Using a giant radio telescope like a cop's radar gun, astronomers have made some pretty cool images of the nucleus of the comet Hartley 2:
Hartley 2 is a comet that is currently very close to the Earth as these things go: last week it passed us at a distance of about 18 million km (11 million miles). Astronomers took advantage of the close pass to ping the comet with radar pulses. By timing exactly how long it took the pulses to go from the telescope to the comet and back to Earth, they can create a map of the comet's shape and other characteristics -- something like how dolphins and bats use echolocation to map their surroundings... though, as Emily Lakdawalla at The Planetary Society Blog explains, it's a bit more complicated.
From the images, it looks like the nucleus -- the solid, central part of a comet -- is highly elongated, about 2.2 km (1.4 miles) in length, and rotates once every 18 hours. We've only seen a handful of comets up close, and in general the nuclei are potato-shaped, so this one fits that description. The image has a scale of about 75 meters per pixel.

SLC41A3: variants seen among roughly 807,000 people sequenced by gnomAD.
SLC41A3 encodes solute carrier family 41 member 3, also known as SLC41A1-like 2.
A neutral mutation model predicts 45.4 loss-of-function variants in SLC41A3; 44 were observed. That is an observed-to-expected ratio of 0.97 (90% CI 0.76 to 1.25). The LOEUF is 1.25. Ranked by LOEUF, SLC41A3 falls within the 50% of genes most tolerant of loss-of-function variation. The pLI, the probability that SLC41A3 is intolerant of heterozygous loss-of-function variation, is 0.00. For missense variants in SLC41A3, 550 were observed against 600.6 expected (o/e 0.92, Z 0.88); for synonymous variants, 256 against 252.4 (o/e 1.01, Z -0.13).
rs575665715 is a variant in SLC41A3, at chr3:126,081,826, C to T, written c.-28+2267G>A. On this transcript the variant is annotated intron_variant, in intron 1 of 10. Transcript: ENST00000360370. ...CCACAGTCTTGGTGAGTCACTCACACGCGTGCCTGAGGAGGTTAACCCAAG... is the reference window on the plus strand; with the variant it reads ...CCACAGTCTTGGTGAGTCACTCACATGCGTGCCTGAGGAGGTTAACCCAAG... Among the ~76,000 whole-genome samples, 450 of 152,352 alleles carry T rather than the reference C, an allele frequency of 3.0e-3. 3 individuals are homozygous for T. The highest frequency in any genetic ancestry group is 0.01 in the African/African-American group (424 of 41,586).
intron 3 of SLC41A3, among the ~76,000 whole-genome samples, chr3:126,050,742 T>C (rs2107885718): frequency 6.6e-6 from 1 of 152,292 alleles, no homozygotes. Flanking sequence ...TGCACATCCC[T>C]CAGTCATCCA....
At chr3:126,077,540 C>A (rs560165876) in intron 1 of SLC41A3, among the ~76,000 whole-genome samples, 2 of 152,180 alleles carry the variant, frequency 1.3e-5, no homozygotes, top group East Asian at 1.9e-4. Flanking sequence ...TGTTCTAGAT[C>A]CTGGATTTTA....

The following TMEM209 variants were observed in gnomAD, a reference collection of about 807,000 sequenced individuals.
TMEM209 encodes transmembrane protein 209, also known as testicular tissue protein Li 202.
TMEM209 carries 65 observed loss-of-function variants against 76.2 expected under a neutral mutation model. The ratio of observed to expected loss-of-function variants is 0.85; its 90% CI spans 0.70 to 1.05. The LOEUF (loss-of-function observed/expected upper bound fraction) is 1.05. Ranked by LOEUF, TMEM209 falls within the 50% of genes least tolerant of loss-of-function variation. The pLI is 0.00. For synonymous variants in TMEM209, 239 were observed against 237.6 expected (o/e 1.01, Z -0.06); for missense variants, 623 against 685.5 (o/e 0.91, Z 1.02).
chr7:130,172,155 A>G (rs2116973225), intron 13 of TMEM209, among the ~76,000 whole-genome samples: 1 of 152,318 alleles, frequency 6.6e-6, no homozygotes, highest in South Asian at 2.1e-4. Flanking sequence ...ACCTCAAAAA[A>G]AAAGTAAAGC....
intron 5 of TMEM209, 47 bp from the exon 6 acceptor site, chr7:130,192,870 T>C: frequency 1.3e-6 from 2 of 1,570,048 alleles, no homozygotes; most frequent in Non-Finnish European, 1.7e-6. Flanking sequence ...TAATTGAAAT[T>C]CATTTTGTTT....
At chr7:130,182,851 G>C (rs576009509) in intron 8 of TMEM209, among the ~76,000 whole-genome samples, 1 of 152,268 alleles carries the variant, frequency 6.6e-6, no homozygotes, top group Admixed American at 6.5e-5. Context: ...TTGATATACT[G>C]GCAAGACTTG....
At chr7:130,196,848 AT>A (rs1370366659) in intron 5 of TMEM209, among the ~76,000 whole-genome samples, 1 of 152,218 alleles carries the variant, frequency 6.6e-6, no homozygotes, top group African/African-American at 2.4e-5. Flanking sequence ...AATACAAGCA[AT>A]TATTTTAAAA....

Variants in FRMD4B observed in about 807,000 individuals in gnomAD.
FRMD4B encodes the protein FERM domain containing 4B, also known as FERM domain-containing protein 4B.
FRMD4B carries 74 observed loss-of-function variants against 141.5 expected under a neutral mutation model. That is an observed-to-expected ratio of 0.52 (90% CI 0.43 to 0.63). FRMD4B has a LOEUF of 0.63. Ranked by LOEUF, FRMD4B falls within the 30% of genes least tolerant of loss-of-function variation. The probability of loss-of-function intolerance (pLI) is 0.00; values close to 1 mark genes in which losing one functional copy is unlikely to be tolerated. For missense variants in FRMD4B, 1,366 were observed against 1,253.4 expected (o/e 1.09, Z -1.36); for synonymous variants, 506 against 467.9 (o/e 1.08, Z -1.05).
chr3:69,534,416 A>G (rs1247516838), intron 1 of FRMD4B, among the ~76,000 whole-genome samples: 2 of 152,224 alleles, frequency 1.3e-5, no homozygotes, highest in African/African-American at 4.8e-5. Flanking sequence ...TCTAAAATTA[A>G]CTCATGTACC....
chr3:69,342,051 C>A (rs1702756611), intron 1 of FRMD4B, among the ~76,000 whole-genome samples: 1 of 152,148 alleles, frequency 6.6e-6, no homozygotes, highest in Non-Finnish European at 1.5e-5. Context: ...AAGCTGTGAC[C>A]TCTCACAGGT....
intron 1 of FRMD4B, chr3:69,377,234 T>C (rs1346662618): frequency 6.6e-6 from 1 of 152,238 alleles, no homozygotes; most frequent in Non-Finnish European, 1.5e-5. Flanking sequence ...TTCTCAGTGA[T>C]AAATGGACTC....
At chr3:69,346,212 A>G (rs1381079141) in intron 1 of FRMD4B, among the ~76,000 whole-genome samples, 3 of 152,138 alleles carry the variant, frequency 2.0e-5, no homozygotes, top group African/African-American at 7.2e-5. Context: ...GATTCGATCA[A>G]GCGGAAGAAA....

These observations were made to help out the EPOXI space mission, which will pass just 700 km (420 miles) from the nucleus of Hartley 2 on November 4. That means we'll be getting some really cool close-up images and data from the comet very soon! Stay Tuned.
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